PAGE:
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Meta Is Deprecating Its Quest Third-Person Capture Tool To Officially Support LIV Instead

Meta Is Deprecating Its Quest Third-Person Capture Tool To Officially Support LIV Instead

Meta is deprecating its own Quest mixed reality capture tool and officially supporting LIV instead.

In this industry "mixed reality" actually has two related but distinct meanings. One meaning is apps and games you use in headsets with passthrough that blend real and virtual. The other meaning, what LIV does, is compositing a real person or avatar into flatscreen footage of a VR game to better represent how it feels to be inside it. The result can be used in trailers or livestreams, and is the next best thing to actually putting a headset on someone's head.

LIV has been helping developers, YouTubers, and streamers create this kind of mixed reality footage since 2016. It was used to create trailers for many HTC Vive and Oculus Rift titles, for example.

Since 2019 Meta has had its own competing Mixed Reality Capture Tool for Rift and Quest too. But today Meta announced it is deprecating this tool and making LIV the official successor.


LIV used in a VR game trailer (Broken Edge)

The initial focus of this partnership will be enabling capturing high quality third-person footage of mixed reality Quest games via a PC and external camera.

LIV already supports capturing full-VR game footage in this way, but Meta has now funded LIV to add support for capturing Quest mixed reality games with this method too.

That funding also brings support for Quest's hand tracking, scene understanding, spatial anchors, and dynamic occlusion to the app so apps using these features can capture high quality PC-side footage too.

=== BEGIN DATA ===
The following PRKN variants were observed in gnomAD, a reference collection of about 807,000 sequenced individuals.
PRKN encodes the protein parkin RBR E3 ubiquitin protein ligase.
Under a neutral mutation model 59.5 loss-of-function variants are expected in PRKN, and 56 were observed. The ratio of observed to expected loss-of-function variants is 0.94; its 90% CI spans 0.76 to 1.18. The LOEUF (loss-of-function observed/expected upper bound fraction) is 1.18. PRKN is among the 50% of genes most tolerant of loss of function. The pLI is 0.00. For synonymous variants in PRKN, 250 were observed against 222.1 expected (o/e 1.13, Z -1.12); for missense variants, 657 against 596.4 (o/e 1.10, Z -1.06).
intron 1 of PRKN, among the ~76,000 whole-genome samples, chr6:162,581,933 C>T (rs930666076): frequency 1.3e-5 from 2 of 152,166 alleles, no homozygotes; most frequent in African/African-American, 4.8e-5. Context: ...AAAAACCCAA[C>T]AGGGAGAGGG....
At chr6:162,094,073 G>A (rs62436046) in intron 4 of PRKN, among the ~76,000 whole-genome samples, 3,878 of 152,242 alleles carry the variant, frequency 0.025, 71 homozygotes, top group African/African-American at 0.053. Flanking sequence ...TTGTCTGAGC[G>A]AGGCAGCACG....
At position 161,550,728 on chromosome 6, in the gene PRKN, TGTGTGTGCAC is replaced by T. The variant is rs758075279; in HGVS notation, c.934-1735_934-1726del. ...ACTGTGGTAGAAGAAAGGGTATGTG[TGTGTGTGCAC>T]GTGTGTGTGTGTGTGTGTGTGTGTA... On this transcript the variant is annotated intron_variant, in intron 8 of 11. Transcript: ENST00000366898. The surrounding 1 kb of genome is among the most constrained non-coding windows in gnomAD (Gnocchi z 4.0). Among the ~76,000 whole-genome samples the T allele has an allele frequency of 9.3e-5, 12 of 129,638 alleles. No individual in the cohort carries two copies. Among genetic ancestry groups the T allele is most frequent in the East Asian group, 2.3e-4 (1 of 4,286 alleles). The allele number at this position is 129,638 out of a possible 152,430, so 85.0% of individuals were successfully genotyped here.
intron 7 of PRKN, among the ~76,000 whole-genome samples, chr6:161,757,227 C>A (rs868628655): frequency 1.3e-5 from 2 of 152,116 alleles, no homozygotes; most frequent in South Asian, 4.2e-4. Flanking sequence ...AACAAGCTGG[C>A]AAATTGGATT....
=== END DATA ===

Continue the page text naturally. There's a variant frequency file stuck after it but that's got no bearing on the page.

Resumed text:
All this is available in LIV SDK 2.0. The beta is available today for Unity, and is coming to Unreal Engine later this year. By the end of the year, the company intends to release a non-beta stable version for both engines.

The company claims "tons" of new Quest apps are adding support for LIV, including Gorilla Tag and Racket Club.

Sometime in the next few weeks LIV also plans to release Quest Creator Kit, a Quest SDK that will allow creators to capture footage standalone on Quest without a PC. First-person footage can be stabilized and have wider field of view than the headset, similar to Meta Quest Developer Hub's cinematic mode, and third-person footage will be supported too.


LIV used in a mixed reality game trailer (Racket Club)

LIV notes that the Meta partnership will not take anything away from its existing PC VR offering, and the LIV PC app will continue to be distributed via Steam. It also says there is no exclusivity contract here, so this work could be used to support other mixed reality headsets when the market conditions to do so make sense.

LIV is also sticking to its promise to "never" charge developers or creators for using its capture tools and SDKs. The startup says it survives on funding from investors such as HTC Vive and Palmer Luckey, and has a commercial license for larger businesses, in addition to the funding it's now receiving from Meta.

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